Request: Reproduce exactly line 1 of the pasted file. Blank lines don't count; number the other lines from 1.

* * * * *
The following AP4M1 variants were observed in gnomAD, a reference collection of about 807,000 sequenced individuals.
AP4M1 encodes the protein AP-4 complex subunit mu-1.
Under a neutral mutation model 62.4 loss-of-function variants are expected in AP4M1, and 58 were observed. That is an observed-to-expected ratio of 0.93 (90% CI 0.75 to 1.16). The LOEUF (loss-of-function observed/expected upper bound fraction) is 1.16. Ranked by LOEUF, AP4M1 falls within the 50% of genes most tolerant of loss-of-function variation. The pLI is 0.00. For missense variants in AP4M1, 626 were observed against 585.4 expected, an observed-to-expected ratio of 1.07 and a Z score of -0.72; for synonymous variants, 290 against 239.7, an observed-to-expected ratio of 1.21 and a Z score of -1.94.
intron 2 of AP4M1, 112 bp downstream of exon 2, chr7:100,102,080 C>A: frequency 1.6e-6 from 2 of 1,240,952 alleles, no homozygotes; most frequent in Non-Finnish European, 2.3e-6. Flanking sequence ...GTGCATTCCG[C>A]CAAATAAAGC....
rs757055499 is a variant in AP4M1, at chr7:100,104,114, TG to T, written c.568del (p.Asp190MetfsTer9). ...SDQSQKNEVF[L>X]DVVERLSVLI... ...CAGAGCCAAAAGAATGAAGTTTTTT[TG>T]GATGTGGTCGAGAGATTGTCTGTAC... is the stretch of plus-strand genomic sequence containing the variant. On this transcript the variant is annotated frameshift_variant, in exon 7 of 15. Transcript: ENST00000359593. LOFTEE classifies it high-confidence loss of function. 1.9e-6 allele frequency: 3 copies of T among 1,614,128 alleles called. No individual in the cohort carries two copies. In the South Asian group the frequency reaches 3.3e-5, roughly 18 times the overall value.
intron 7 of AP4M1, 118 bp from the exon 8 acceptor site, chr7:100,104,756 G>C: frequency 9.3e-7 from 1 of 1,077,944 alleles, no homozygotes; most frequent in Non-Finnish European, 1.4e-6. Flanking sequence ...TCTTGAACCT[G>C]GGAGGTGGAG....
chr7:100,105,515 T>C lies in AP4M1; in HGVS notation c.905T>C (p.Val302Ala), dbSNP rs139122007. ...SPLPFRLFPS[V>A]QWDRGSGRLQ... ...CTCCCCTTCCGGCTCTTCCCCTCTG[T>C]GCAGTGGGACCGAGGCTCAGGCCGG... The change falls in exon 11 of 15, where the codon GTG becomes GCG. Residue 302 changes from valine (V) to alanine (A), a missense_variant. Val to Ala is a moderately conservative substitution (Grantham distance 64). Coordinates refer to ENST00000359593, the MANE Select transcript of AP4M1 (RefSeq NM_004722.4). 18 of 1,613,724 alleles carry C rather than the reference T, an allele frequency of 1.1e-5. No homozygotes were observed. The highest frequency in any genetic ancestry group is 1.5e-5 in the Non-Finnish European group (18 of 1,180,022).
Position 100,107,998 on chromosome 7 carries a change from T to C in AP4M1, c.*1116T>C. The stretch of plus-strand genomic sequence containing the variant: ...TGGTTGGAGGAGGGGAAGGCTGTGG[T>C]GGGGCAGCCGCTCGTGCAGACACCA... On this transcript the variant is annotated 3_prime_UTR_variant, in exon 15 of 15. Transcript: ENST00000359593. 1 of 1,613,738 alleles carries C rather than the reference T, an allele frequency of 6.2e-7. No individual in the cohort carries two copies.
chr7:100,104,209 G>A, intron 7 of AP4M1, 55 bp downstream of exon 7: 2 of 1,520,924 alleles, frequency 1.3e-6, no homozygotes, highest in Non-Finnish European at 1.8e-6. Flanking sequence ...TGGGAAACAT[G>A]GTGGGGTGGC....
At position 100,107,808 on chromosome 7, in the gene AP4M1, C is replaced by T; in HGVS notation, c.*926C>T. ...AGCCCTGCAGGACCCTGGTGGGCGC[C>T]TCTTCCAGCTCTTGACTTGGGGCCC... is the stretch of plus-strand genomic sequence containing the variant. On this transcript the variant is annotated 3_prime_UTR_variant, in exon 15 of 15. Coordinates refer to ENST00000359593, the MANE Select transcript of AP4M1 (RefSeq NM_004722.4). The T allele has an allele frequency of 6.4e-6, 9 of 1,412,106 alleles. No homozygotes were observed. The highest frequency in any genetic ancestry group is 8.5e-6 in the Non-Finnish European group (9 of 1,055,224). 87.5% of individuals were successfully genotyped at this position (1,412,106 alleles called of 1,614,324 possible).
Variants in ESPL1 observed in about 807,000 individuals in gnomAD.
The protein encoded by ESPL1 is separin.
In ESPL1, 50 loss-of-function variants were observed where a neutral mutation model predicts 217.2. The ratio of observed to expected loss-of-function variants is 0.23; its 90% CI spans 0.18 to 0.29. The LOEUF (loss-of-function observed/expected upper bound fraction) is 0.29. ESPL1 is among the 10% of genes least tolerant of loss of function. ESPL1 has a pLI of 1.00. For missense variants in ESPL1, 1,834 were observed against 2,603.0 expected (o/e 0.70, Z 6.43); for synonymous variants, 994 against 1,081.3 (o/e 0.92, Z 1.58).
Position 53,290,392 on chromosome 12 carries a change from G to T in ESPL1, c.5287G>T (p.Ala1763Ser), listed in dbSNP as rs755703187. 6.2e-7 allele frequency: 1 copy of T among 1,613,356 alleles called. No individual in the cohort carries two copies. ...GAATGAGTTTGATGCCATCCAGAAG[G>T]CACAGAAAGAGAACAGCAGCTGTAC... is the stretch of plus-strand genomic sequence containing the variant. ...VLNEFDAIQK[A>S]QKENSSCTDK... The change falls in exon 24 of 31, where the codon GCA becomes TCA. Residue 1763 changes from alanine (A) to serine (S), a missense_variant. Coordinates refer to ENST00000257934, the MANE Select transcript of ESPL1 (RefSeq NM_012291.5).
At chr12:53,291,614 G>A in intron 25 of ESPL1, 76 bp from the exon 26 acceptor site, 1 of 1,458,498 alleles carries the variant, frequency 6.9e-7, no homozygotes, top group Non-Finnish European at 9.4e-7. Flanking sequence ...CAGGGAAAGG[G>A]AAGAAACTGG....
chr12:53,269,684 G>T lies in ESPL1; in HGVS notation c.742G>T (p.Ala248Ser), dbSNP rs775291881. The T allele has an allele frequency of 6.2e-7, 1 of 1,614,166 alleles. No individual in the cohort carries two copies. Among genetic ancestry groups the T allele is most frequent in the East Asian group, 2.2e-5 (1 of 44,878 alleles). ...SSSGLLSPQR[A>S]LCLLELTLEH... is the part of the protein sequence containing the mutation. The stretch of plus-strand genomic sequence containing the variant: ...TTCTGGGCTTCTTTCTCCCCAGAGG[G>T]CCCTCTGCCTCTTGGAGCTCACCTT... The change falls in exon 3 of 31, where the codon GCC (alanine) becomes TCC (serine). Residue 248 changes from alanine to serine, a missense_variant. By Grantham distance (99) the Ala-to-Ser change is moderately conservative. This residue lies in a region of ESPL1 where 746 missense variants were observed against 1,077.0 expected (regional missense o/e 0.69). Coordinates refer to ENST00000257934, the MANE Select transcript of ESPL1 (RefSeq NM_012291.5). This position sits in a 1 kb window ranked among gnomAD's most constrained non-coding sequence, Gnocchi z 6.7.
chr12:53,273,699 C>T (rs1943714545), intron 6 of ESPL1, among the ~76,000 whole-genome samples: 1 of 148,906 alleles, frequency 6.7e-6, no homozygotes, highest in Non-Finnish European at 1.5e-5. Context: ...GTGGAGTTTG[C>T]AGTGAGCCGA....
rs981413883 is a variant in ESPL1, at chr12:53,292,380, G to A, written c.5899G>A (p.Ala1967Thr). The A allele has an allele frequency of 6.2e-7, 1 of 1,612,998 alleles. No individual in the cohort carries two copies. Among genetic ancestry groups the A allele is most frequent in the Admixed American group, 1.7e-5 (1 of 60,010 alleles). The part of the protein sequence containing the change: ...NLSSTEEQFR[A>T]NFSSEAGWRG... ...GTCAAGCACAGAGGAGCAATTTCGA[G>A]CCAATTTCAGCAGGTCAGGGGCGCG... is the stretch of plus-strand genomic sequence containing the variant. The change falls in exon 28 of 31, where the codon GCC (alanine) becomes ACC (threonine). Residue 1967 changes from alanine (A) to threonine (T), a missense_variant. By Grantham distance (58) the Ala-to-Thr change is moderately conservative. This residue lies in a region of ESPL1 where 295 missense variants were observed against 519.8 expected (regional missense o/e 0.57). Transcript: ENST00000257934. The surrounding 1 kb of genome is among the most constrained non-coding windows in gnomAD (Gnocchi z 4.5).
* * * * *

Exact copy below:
The following AP4M1 variants were observed in gnomAD, a reference collection of about 807,000 sequenced individuals.